by T. Apiryon
Copyright © 1995 Ordo Templi Orientis. All rights reserved.
Also known as Asar, Ausar or Serapis. Originally a fertility god, Osiris developed into the Egyptian god of resurrection, lord of the underworld, son of Seb or Geb and Nut, consort of Isis (Asi), and Nome-god of Abydos (Abtu, now Nag Hammadi). Identified by the Greeks with Dionysus, Adonis and Hades.
Osiris is depicted as a human male with green skin, wearing the Atef Crown, wrapped in mummy's bandages with his hands protruding, holding a crook against his left shoulder with his left hand and a flail against his right shoulder with his right hand. His sacred animal is the bull, and his sacred color is black (the sacred color of Set, his brother and enemy, is red). The formula of Osiris is IAO. See Part III of The Heart of the Master.
According to legend, Osiris was born in Thebes, the son of the earth-god Geb and the sky-goddess Nut; and a loud voice proclaimed at his birth the coming of the universal lord. He was recognized by his grandfather Ra as the heir to his throne, which he assumed after his father Geb retired to the heavens, taking his sister Isis as his queen.
Osiris was a just and well-loved ruler and Lawgiver of Egypt. His brother Set (god of the desert) envied his power and favor, and contrived to entrap him. While Osiris was abroad with his adviser Tahuti, instructing the men of other lands in agriculture and religion, his wife Isis ruled Egypt in his place.
Set took advantage of Osiris' absence to made a sarcophagus of the precise dimensions to accommodate his brother's body. Set then arranged for a great feast in honor of his brother's return. After all had had their fill of drink, Set produced the richly ornamented sarcophagus, and offered possession of it to anyone who could fit inside it. Osiris, of course, accepted the offer, and as soon as he had laid down in the sarcophagus, Set slammed the lid shut, locked it, and with the assistance of his seventy-two comrades, hauled if off and threw it in the Nile, which carried it away. Set then claimed the throne of Egypt.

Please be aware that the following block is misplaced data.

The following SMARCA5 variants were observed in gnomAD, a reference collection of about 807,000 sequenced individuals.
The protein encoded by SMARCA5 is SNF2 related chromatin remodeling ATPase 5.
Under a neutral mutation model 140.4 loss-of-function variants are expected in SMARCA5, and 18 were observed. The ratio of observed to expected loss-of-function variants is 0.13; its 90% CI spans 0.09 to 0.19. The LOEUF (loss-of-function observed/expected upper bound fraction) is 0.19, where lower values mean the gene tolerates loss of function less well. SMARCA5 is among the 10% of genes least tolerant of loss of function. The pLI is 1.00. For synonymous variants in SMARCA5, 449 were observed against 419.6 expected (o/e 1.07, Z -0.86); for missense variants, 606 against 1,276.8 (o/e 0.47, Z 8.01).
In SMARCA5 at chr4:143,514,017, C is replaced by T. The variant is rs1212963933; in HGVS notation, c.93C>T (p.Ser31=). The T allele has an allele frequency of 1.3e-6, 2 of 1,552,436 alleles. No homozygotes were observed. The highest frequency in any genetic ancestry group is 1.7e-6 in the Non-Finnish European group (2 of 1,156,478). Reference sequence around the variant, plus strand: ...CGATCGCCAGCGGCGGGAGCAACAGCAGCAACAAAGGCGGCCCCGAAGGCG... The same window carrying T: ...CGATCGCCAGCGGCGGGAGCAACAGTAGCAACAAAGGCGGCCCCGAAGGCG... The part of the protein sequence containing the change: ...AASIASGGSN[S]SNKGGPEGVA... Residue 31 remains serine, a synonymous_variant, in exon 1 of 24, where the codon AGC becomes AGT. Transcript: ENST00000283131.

After a lengthy search, Isis recovered the sarcophagus, and hid it away. Set, however, discovered it– he seized the body of Osiris, cut it into fourteen (or sixteen) pieces and scattered them all over Egypt. Isis set forth in a reed boat to recover the pieces, and succeeded in finding all but one, the phallus, which had been devoured by a fish. With the assistance of her sister Nephthys, her nephew Anubis and Tahuti, she reassembled them, binding them together in the wrappings of a mummy.
Isis then begat a son, Horus, by lying on top of the body of her dead husband. To avenge the death of his father, Horus set out to make war against his brother/uncle Set. The battle was fierce, and Set tore out the right eye of Horus. Nevertheless, Horus availed in the end; but as he was about to kill his enemy, Isis intervened and allowed Set to escape. Enraged, Horus severed his mother's head– which Tahuti replaced with the head of a cow.
Horus claimed the throne of his father which had been stolen by Set, then resolved to find his father's corpse and restore him to life. Under the direction of Tahuti, he recited a series of incantations over his father's body and embraced him, transferring to him his own vitality. He then gave him his eye, which Set had previously torn from his face. Upon eating the eye, Osiris recovered his consciousness, and arose as Monarch of the Dead and Lord of the Underworld.
According to Forlong, the worship of Osiris included the presentation of sacred cakes, called Mest, along with a sacred wine cup.
Budge, Sir E.A. Wallis; The Gods of the Egyptians , Dover, NY 1969
Bullfinch, Thomas; The Age of Fable, 1855; republished by Mentor, New York 1962
Crowley, Aleister; The Heart of the Master [Ordo Templi Orientis, 1938], New Falcon Publications, Scottsdale, Arizona 1992
Forlong, J.G.R.; Faiths of Man, a Cyclopaedia of Religions [Bernard Quaritch, 1906], University Books, NY 1964
Herodotus; The Histories [c. 430 b.c.e.], transl. by Aubrey de Sélincourt ; revised, with an introduction and notes by A.R. Burn; Penguin, London 1972
Meyer, Marvin W.; The Ancient Mysteries: A Sourcebook, Harper Collins, San Francisco 1987
Nagel, Georges; “The `Mysteries' of Osiris in Ancient Egypt”  in The Mysteries, Papers from the Eranos Yearbooks, Bollingen Series XXX.2, edited by Joseph Campbell, Princeton/Bollingen, Princeton NJ 1955/1978
Plutarch; “On Isis and Osiris (De Iside et Osiride)” transl. by Frank Cole Babbitt, in Plutarch's Moralia, Vol. V, Loeb Classical Library, Harvard University Press, Cambridge, Mass. 1969
Viaud, J.; “Egyptian Mythology” in The New Larousse Encyclopedia of Mythology, Hamlyn, NY 1959/1968
Zimmerman, J.E.; Dictionary of Classical Mythology, Harper & Row, NY 1964
Originally published in Red Flame No. 2 – Mystery of Mystery: A Primer of Thelemic Ecclesiastical Gnosticism by Tau Apiryon and Helena; Berkeley, CA 1995 e.v.
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